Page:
“When there was no room to be had for love or money, (many chose) to sleep in the chicken house.” — Castle Rackrent (19th Century Book)
For love or money… it’s a great expression when referring to something we truly want or need but just can’t seem to negotiate or secure.
Think toilet paper during the COVID-19 lockdown.
This phrase comes to mind when considering a far more serious issue than nesting with the hens. Why is that of 23 million people in America who struggle with abuse disorders, only about 10% get treatment? Why does the price tag to recovery seem so out of reach, especially when compared to the cost of losing your health, family and career?
Is denial a convenience or a contrivance? Or is it really more about defeat? People actively using for prolonged periods certainly don’t report being happier than the rest of us. Their stories typically end in heartbreak. Some become homeless, mine for food in dumpsters behind the grocery store, lose custody of their kids, flunk out of college and steal lawnmowers from their grandmother. These are hardly tales of joy.
In fact, most people struggling with addiction say that they’re pretty miserable, depressed by their bad choices, disillusioned by the lies and tired of being a slave to their drug or behavior of choice. We talk of the mythical happy drunk people and the hysterical laughter of people riding the heroin dragon. But, sorry, dopamine rush or no, high isn’t really happy.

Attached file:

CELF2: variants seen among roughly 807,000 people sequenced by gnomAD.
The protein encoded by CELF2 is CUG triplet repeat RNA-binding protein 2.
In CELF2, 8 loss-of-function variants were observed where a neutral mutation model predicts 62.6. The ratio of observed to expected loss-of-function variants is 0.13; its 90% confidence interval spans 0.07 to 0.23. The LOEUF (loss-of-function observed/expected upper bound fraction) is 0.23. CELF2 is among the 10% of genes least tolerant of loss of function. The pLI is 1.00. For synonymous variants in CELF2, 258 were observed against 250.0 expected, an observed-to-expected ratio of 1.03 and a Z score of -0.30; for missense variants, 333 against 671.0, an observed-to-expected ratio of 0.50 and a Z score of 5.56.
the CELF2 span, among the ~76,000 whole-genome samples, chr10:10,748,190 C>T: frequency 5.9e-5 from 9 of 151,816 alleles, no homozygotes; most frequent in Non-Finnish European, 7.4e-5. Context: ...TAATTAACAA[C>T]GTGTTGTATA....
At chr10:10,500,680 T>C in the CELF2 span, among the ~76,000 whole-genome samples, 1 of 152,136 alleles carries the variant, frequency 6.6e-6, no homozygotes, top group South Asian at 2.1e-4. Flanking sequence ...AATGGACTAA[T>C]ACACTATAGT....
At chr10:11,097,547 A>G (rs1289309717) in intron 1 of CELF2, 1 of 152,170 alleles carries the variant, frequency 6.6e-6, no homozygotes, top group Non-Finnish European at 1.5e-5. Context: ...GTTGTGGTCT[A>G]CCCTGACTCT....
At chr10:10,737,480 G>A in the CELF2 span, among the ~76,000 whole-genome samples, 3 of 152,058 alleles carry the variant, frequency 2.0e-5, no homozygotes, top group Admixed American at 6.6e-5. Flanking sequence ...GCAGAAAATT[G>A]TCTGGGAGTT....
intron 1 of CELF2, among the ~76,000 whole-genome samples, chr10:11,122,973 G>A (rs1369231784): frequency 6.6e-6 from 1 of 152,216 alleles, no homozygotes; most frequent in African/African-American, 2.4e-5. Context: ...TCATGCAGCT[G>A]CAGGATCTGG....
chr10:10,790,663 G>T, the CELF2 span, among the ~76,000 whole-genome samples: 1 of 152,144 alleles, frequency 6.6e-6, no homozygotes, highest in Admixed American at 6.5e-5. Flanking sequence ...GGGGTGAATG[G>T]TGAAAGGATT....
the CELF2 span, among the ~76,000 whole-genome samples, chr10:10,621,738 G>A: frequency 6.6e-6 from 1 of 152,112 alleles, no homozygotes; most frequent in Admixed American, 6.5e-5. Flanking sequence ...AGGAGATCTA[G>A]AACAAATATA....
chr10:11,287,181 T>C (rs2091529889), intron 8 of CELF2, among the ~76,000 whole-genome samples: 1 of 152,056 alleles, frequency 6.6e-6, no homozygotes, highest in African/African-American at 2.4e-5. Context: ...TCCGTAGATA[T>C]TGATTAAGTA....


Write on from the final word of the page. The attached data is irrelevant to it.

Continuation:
Maybe there are some legitimate confusing reasons for what seems like denial. Could it be that the lines between serious abuse and addiction are so blurry that treatment seems unnecessary? Look at binge drinking by college students as an example. Some hypothesize that serious continual abuse may not progress into addiction. Others believe that even addictive behaviors may subside as people age. These arguments typically focus on young adults and the reality that when they reach the magic age of 25, the brain matures in its ability to foresee and consider consequences. These perspectives may have some merit. But they overlook that the vast majority of young people who begin abusing drugs or alcohol at young ages don’t “outgrow” their addiction.
Disclosure and cost also clearly contribute to our collective refusal to get help. In a survey of individuals who contacted Maryhaven about gambling addiction but did not pursue treatment, cost and/or alerting insurance providers emerged as the chief barrier. This perception persists even as Maryhaven uses important funding from the Alcohol, Drug and Mental Health Board of Franklin County to provide services to anyone, regardless of ability to pay.
There’s no question that our society often slaps negative labels on this very human disease. We can still face consequences if we admit to a mental health or substance abuse disorder, consequences that can affect our families, our jobs, our insurability. These can be challenging. But they can be overcome—if you’re healthy.
Ask the hundreds of thousands of people who have successfully found recovery and a new life through Maryhaven. You can recover FOR love and money.